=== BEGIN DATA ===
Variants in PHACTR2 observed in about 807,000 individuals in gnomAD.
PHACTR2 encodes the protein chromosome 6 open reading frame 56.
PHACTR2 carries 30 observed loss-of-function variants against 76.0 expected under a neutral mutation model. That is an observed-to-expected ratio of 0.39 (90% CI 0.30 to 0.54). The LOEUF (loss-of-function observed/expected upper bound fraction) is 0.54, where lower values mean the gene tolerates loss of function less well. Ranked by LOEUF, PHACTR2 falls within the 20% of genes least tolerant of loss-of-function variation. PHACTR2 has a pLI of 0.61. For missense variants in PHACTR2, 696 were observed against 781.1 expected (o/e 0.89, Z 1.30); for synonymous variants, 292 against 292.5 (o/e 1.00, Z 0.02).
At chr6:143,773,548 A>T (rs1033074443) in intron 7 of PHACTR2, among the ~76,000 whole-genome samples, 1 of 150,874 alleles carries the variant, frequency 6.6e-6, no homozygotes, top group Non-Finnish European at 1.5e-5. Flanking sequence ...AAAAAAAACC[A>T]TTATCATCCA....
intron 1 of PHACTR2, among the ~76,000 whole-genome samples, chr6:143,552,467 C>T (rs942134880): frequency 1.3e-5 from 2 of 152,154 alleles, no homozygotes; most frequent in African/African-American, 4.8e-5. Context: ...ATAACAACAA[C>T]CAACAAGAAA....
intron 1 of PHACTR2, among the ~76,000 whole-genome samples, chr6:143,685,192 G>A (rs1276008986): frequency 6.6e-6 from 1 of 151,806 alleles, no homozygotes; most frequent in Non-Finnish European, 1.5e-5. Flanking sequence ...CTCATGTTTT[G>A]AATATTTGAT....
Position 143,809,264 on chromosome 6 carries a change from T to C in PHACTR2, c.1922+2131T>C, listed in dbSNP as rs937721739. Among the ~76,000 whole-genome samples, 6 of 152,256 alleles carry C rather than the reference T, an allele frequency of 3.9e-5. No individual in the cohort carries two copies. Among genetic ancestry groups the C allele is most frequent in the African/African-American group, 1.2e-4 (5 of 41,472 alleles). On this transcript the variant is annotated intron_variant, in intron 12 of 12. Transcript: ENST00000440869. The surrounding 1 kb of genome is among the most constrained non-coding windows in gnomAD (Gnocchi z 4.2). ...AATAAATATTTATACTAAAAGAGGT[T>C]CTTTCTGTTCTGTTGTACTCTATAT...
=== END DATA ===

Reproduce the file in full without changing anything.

Variants in PHACTR2 observed in about 807,000 individuals in gnomAD.
PHACTR2 encodes the protein chromosome 6 open reading frame 56.
PHACTR2 carries 30 observed loss-of-function variants against 76.0 expected under a neutral mutation model. That is an observed-to-expected ratio of 0.39 (90% CI 0.30 to 0.54). The LOEUF (loss-of-function observed/expected upper bound fraction) is 0.54, where lower values mean the gene tolerates loss of function less well. Ranked by LOEUF, PHACTR2 falls within the 20% of genes least tolerant of loss-of-function variation. PHACTR2 has a pLI of 0.61. For missense variants in PHACTR2, 696 were observed against 781.1 expected (o/e 0.89, Z 1.30); for synonymous variants, 292 against 292.5 (o/e 1.00, Z 0.02).
At chr6:143,773,548 A>T (rs1033074443) in intron 7 of PHACTR2, among the ~76,000 whole-genome samples, 1 of 150,874 alleles carries the variant, frequency 6.6e-6, no homozygotes, top group Non-Finnish European at 1.5e-5. Flanking sequence ...AAAAAAAACC[A>T]TTATCATCCA....
intron 1 of PHACTR2, among the ~76,000 whole-genome samples, chr6:143,552,467 C>T (rs942134880): frequency 1.3e-5 from 2 of 152,154 alleles, no homozygotes; most frequent in African/African-American, 4.8e-5. Context: ...ATAACAACAA[C>T]CAACAAGAAA....
intron 1 of PHACTR2, among the ~76,000 whole-genome samples, chr6:143,685,192 G>A (rs1276008986): frequency 6.6e-6 from 1 of 151,806 alleles, no homozygotes; most frequent in Non-Finnish European, 1.5e-5. Flanking sequence ...CTCATGTTTT[G>A]AATATTTGAT....
Position 143,809,264 on chromosome 6 carries a change from T to C in PHACTR2, c.1922+2131T>C, listed in dbSNP as rs937721739. Among the ~76,000 whole-genome samples, 6 of 152,256 alleles carry C rather than the reference T, an allele frequency of 3.9e-5. No individual in the cohort carries two copies. Among genetic ancestry groups the C allele is most frequent in the African/African-American group, 1.2e-4 (5 of 41,472 alleles). On this transcript the variant is annotated intron_variant, in intron 12 of 12. Transcript: ENST00000440869. The surrounding 1 kb of genome is among the most constrained non-coding windows in gnomAD (Gnocchi z 4.2). ...AATAAATATTTATACTAAAAGAGGT[T>C]CTTTCTGTTCTGTTGTACTCTATAT...